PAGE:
June 03, 2020

Pandemic Furloughs in Place? Time to Assess Your WARN Obligations

The Coronavirus pandemic business closings started in mid-March by orders of the governors of many states. Some closings were a consequence of customer demand suddenly drying up. It has now been over two months since some of those closings began, and almost every state in the United States is now fully allowing the reopening of businesses. It is time to assess: is there to be a reopening? If yes, please view our extensive alert regarding Return to Work issues. If not, or if you are considering a reopening with less than a full complement of the workforce that was in place in early March, it is time to start assessing compliance with the federal Workers Adjustment and Retraining Notification Act, or WARN, 29 U.S.C. §§ 2101 et seq, (FED WARN) and its states’ counterpart laws, or “mini-WARN” laws. 

The Federal WARN Act

Under FED WARN, 60 days’ advance notice of a mass layoff or plant closing must ordinarily be given in advance of “ordering” a certain number of employment losses due to a plant closing or mass layoff. First, a “plant closing” occurs where 50 or more (not counting so-called “part-time” employees) employees experience an employment loss when there is a cessation of operations at a site, or a cessation of operations of an operating unit within a site. 29 U.S.C. § 2101(a)(2). Alternatively, a “mass layoff” occurs where there is not a plant closing but there are: (1) employment losses of 500 or more employees regardless of the percentage of the workforce at a single site, or (2) 50 or more employment losses at a single site, if those employment losses constitute 33 percent or more of the active work force at the same site (again, not counting in any of these calculations so-called “part-time” employees). 29 U.S.C. § 2101(a)(3). Eleven states and one territory have similar laws. 

Under FED WARN, a layoff does not become an “employment loss” for an individual until the layoff lasts for more than six months. 29 U.S.C. § 2101(a)(6). The current unpaid furloughs that many employers have implemented since mid-March are the same thing as unpaid layoffs for purposes of FED WARN, but such layoffs/furloughs caused by the Coronavirus pandemic have not yet lasted for six months. Now, after furloughs have lasted several weeks — in some cases more than two months — and as the reopening of businesses begins, it is prudent, if not necessary, to assess where we are, and where we are going with our workforces.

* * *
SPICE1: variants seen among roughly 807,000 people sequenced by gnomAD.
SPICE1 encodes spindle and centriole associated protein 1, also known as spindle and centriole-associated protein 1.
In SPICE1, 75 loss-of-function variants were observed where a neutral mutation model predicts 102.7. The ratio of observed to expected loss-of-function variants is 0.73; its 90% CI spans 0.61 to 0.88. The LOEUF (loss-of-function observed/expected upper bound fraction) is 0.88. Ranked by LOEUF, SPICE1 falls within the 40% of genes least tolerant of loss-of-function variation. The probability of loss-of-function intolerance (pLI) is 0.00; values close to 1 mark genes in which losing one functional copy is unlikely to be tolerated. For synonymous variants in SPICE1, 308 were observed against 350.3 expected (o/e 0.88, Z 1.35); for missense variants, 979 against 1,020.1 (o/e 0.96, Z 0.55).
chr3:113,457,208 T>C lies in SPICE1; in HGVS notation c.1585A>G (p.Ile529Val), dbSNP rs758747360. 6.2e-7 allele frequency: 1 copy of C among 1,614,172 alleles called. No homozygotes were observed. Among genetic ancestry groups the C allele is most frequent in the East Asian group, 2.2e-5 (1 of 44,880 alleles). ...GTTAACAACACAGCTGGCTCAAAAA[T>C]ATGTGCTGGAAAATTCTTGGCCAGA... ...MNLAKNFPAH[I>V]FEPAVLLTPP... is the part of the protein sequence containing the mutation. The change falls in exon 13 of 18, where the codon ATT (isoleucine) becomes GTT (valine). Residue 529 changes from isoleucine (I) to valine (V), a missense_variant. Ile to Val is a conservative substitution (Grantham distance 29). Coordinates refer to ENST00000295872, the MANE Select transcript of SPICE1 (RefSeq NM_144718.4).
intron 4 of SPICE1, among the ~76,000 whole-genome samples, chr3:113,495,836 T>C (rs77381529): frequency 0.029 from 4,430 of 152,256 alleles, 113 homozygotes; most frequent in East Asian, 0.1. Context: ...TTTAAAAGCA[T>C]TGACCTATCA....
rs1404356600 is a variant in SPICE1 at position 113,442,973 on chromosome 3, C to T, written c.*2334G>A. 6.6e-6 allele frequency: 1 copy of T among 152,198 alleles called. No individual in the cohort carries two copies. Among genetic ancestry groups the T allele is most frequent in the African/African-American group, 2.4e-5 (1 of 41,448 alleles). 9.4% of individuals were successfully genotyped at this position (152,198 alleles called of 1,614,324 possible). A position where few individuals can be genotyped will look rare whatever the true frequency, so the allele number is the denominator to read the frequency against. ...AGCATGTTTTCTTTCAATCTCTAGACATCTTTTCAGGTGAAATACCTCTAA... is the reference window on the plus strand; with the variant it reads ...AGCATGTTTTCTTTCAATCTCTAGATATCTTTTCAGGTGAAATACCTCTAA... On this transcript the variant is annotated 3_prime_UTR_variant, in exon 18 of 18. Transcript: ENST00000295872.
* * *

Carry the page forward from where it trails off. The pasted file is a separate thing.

Here is what the FED WARN regulations have to say about short-term layoffs that become longer than six months: 

(b) An employer who has previously announced and carried out a short-term layoff (6 months or less) which is being extended beyond 6 months due to business circumstances (including unforeseeable changes in price or cost) not reasonably foreseeable at the time of the initial layoff is required to give notice when it becomes reasonably foreseeable that the extension is required. A layoff extending beyond 6 months from the date the layoff commenced for any other reason shall be treated as an employment loss from the date of its commencement.

20 CFR § 639.4.

A separate section of FED WARN allows for shortened notice when a plant closing or mass layoff is due to an unforeseeable business circumstance. 29 U.S.C. §2102(b)(2)(A). Courts have indicated that in the situation of the unforeseeable business circumstance, which allows shortened notice, the notices must go out when the plant closing or mass layoff becomes “probable.” 

Here, we have occasion … to join our Sister Circuits in holding that the WARN Act is triggered when a mass layoff becomes probable—that is, when the objective facts reflect that the layoff was more likely than not. This standard strikes an appropriate balance in ensuring employees receive the protections the WARN Act was intended to provide without imposing an “impracticable” burden on employers that could put both them and their employees in harm's way. In Re: AE Liquidation, Inc., 866 F.3d 515, 530 (3rd Cir. 2017) (footnote omitted).